Therasphere is an innovative treatment option for inoperable liver cancer. It works by delivering targeted radioactive seeds to the cancer site. The product has one primary competitor, SirSpheres, which are produced and sold by an Australian listed company called Sirtex. Therasphere has demonstrated several years of double-digit growth and enjoys gross margins of approximately 80%. It has gained significant traction in the United States and several other countries in Europe and elsewhere. The technique is potentially applicable to multiple other cancer categories, and by some estimates represents in excess of a $5 billion market opportunity.
Currently Nordion is in the midst of conducting multiple clinical trials to gain full treatment approval in the US (it is currently used under HDE status, which limits its use and profitability). This will drive significant long-term growth, but negatively impact current and short-term future EBITDA margins. Outside of the US, Therasphere enjoys fuller approval status in the EU, and other venues on a country-by-country basis.
Conversations with multiple physicians has led us to conclude that from an implementation and efficacy standpoint, Therasphere is highly comparable, if not slightly advantaged vs Sirtex. On the other hand, Sirtex is fully approved by the FDA for certain applications, and is conducting its own set of clinical trials for additional indications. Sirtex has recently traded for 6-6.5x revenue. Using a discounted 4x multiple of 2013 projected revenues results in a value of $220m for this segment.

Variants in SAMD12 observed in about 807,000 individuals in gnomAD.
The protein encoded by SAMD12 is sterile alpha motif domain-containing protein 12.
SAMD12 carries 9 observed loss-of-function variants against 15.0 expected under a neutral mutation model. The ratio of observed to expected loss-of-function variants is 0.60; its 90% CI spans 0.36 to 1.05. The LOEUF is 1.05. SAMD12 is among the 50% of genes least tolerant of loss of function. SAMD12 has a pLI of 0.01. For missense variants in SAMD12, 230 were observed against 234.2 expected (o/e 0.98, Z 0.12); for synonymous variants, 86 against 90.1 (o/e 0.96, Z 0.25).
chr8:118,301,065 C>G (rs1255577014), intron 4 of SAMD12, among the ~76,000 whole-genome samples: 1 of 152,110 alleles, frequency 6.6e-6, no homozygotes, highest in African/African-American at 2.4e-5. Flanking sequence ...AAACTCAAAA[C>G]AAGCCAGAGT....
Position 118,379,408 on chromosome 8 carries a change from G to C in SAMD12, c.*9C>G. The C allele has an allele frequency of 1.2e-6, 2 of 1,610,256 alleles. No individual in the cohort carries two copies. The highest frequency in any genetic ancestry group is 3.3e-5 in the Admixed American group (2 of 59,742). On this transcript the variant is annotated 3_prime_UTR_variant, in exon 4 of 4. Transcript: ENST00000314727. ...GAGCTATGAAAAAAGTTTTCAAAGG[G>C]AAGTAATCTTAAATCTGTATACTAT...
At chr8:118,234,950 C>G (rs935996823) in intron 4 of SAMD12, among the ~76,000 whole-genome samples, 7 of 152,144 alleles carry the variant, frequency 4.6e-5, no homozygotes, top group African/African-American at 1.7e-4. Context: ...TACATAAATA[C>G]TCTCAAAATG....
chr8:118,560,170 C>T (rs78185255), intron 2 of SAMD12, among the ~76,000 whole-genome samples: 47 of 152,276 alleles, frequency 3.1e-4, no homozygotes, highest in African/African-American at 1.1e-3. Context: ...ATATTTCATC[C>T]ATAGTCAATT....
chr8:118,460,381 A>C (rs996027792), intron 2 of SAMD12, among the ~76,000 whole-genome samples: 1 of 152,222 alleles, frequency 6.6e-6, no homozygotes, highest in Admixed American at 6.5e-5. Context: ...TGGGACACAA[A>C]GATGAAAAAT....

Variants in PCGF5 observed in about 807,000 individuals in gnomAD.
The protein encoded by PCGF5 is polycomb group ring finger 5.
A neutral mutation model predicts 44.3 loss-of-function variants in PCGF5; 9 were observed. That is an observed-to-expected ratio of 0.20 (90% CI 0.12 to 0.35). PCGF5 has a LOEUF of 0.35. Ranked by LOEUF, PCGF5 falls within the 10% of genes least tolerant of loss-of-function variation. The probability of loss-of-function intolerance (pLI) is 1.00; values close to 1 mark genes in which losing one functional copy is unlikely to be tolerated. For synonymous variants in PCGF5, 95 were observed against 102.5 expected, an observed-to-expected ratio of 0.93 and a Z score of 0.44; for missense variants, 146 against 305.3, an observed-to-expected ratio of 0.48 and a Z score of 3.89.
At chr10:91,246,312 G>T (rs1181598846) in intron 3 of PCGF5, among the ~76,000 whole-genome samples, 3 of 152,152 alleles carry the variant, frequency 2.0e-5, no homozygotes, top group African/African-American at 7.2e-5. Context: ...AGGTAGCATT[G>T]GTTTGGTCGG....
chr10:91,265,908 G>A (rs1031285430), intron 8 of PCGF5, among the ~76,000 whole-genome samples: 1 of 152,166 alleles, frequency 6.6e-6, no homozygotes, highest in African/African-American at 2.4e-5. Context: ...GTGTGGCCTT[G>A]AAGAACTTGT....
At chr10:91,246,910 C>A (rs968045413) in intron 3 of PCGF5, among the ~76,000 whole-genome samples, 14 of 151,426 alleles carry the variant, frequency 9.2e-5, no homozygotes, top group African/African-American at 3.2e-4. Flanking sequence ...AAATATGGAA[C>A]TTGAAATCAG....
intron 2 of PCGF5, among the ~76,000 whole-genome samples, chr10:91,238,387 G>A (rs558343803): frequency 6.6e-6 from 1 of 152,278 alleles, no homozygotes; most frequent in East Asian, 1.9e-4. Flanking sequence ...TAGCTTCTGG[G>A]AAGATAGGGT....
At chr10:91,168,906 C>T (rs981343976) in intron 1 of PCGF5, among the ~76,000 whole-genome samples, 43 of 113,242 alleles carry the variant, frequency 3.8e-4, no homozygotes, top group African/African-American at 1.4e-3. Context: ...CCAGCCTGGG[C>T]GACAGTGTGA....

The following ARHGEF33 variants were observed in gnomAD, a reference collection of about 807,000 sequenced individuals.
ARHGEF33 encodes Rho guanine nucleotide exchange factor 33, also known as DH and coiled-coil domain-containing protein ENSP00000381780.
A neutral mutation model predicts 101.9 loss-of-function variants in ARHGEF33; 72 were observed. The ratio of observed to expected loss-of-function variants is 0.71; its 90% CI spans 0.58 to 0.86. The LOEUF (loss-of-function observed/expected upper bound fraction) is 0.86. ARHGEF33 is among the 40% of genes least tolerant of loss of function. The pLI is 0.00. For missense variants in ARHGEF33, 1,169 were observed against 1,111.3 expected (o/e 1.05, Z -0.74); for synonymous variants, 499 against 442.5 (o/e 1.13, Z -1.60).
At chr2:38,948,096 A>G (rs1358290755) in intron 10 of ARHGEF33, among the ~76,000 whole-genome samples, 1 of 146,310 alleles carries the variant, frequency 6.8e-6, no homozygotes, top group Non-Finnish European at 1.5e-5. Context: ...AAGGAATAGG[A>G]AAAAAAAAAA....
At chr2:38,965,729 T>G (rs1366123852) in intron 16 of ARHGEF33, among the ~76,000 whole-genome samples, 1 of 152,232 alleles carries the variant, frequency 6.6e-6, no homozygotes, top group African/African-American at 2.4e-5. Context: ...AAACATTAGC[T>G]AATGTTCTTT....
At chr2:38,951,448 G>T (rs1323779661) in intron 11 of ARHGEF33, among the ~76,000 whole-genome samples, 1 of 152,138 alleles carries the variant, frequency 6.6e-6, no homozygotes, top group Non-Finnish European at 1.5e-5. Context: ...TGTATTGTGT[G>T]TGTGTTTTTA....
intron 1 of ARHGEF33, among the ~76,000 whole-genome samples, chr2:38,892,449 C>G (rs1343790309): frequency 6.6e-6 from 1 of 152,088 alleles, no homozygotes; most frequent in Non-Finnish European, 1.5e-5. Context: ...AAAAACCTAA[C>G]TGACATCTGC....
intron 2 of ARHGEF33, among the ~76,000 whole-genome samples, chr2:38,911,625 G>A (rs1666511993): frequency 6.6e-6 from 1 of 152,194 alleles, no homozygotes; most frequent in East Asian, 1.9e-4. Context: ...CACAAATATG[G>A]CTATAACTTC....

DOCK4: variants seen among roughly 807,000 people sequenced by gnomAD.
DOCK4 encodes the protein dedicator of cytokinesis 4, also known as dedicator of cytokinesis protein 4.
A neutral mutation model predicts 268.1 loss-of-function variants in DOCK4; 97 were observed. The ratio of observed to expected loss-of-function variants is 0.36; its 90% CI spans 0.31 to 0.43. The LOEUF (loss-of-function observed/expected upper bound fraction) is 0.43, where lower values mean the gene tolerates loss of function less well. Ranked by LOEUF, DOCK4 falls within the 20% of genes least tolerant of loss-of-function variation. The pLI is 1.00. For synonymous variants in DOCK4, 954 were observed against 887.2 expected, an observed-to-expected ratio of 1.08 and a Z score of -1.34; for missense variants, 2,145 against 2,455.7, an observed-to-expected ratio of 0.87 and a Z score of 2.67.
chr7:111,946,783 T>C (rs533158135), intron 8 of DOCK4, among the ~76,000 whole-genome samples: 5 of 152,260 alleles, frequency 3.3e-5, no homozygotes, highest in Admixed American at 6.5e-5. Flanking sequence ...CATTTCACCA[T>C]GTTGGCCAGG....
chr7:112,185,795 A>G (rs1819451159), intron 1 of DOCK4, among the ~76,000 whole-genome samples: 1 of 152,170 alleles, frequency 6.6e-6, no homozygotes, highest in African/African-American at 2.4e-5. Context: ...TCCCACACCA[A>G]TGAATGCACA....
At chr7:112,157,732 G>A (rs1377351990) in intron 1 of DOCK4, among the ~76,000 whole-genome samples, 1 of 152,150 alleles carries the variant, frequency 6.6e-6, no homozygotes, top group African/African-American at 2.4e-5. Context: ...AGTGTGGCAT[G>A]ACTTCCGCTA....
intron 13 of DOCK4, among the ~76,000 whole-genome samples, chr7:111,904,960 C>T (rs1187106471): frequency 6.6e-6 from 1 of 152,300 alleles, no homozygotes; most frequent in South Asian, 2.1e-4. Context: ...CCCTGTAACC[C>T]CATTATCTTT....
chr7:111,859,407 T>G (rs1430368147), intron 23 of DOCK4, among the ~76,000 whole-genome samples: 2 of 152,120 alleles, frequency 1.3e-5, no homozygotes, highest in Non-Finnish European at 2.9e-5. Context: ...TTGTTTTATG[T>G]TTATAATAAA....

3) Molybdenum 99 = $50m
The multiple issues concerning Nordion’s Mo-99 business have been the source of significant investor interest over the past several years, and we will only cover the basics here. Nordion obtains this radioactive isotope from a 1950’s era Canadian reactor (the NRU), and then processes and sells it to a small set of global customers (primarily to a US-based company called Lantheus). Until an unplanned shutdown in 2009, NRU and NDZ had historically provided approximately 40% of the world’s supply of Mo-99. Since then, its share has diminished by roughly half. The rest of the world’s supply comes from a small handful of reactors across the globe, almost all of which are equally aged, though significantly smaller than the NRU. The Mo-99 decays into an isotope called Tc-99, which has an extremely short half-life of less than one week. The Tc-99 is then used in a wide range of medical imaging applications (for example, cardio stress tests), for which there are few substitute procedures of equivalent efficacy. The short half-life of the Tc99 makes stockpiling impossible.